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J Physiol Pharmacol. 2012 Oct;63(5):497-503.

The inhibitory effect of polyphenols on human gut microbiota.

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  • 1Department of Fermentation Technology and Technical Microbiology, University of Agriculture, Cracow, Poland. aduda-chodak@ar.krakow.pl

Abstract

The intestinal microbiota (IM) is responsible for metabolism of many compounds provided in the diet, such as polyphenols, increasing their bioavailability. However, there are remarkably few studies investigating the influence of polyphenols on the composition and activity of the gut microbial community. This study evaluated the influence of the polyphenols naringenin (N), naringin (NR), hesperetin (H), hesperidin (HR), quercetin (Q), rutin (QR), and catechin (CAT) on the growth of human IM representatives (Bacteroides galacturonicus, Lactobacillus sp., Enterococcus caccae, Bifidobacterium catenulatum, Ruminococcus gauvreauii, Escherichia coli). Polyphenols were added to liquid medium at a final concentration of 20, 100 or 250 μg/ml (for Q concentrations were 4, 20 or 50 μg/ml) and their impact on the IM was assessed by measurement of the turbidity after 24-h culture. The minimal inhibitory concentration (MIC) for polyphenols that inhibited bacteria was estimated. CAT had no impact on the tested IM. Q had the strongest impact on R. gauvreauii, B. galacturonicus and Lactobacillus sp. (MIC 20-50 μg/ml) growth, whilst its rutinoside had no impact. NR and HR had no impact, but their aglycones N and H inhibited growth of almost all analyzed bacteria (MIC ≥250 μg/ml). We conclude that flavonoid aglycones, but not their glycosides, may inhibit growth of some intestinal bacteria. This means that polyphenols probably can modulate the IM and indirectly interfere with their own bioavailability.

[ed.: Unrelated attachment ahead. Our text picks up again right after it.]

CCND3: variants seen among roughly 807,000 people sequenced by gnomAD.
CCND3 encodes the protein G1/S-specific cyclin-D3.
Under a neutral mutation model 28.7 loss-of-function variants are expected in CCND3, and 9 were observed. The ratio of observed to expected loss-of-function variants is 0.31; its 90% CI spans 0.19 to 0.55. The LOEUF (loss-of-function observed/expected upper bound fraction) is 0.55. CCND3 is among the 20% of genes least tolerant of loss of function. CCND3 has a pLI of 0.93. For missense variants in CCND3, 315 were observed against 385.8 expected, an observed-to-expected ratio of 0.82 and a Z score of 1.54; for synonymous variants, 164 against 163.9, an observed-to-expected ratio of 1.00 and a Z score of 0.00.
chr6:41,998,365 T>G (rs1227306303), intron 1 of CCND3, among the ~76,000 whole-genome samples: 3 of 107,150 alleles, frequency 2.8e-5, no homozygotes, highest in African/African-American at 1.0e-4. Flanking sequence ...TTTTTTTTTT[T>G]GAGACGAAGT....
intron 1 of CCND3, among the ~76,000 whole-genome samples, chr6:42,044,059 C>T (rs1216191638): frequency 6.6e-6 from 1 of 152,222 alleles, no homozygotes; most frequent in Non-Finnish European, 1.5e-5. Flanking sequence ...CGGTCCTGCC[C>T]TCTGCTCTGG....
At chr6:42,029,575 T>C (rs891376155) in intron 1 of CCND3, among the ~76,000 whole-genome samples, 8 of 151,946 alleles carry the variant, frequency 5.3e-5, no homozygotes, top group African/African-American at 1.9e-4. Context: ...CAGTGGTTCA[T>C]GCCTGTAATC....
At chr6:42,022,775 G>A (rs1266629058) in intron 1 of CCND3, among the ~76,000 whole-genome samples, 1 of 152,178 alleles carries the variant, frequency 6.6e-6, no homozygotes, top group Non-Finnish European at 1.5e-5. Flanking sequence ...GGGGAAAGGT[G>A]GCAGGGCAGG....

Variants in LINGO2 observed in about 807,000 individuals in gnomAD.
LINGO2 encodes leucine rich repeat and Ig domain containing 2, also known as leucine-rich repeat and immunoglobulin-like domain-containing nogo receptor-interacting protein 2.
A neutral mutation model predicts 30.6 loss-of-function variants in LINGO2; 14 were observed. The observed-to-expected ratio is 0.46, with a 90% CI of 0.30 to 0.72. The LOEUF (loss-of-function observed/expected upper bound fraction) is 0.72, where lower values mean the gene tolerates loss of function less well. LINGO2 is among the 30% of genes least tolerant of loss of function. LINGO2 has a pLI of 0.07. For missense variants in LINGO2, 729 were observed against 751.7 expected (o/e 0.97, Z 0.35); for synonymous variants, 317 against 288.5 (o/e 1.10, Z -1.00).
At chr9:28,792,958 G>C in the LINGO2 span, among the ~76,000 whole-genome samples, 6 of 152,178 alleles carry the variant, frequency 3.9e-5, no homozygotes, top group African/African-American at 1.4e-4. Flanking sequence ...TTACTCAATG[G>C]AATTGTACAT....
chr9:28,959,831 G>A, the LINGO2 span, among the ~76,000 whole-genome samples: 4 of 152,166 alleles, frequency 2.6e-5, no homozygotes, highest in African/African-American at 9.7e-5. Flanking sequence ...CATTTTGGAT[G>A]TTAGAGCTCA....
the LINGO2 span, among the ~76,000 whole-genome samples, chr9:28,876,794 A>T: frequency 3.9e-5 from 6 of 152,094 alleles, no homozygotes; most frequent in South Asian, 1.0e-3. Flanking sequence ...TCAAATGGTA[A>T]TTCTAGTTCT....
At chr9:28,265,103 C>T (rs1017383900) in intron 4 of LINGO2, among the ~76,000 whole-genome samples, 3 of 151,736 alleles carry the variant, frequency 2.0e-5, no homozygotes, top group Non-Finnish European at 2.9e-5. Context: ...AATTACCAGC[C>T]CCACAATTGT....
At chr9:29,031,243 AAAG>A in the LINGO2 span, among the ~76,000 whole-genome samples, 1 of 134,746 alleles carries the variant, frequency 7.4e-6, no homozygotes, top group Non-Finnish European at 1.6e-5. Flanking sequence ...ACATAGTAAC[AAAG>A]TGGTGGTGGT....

PMID:
23211303
[PubMed - indexed for MEDLINE]
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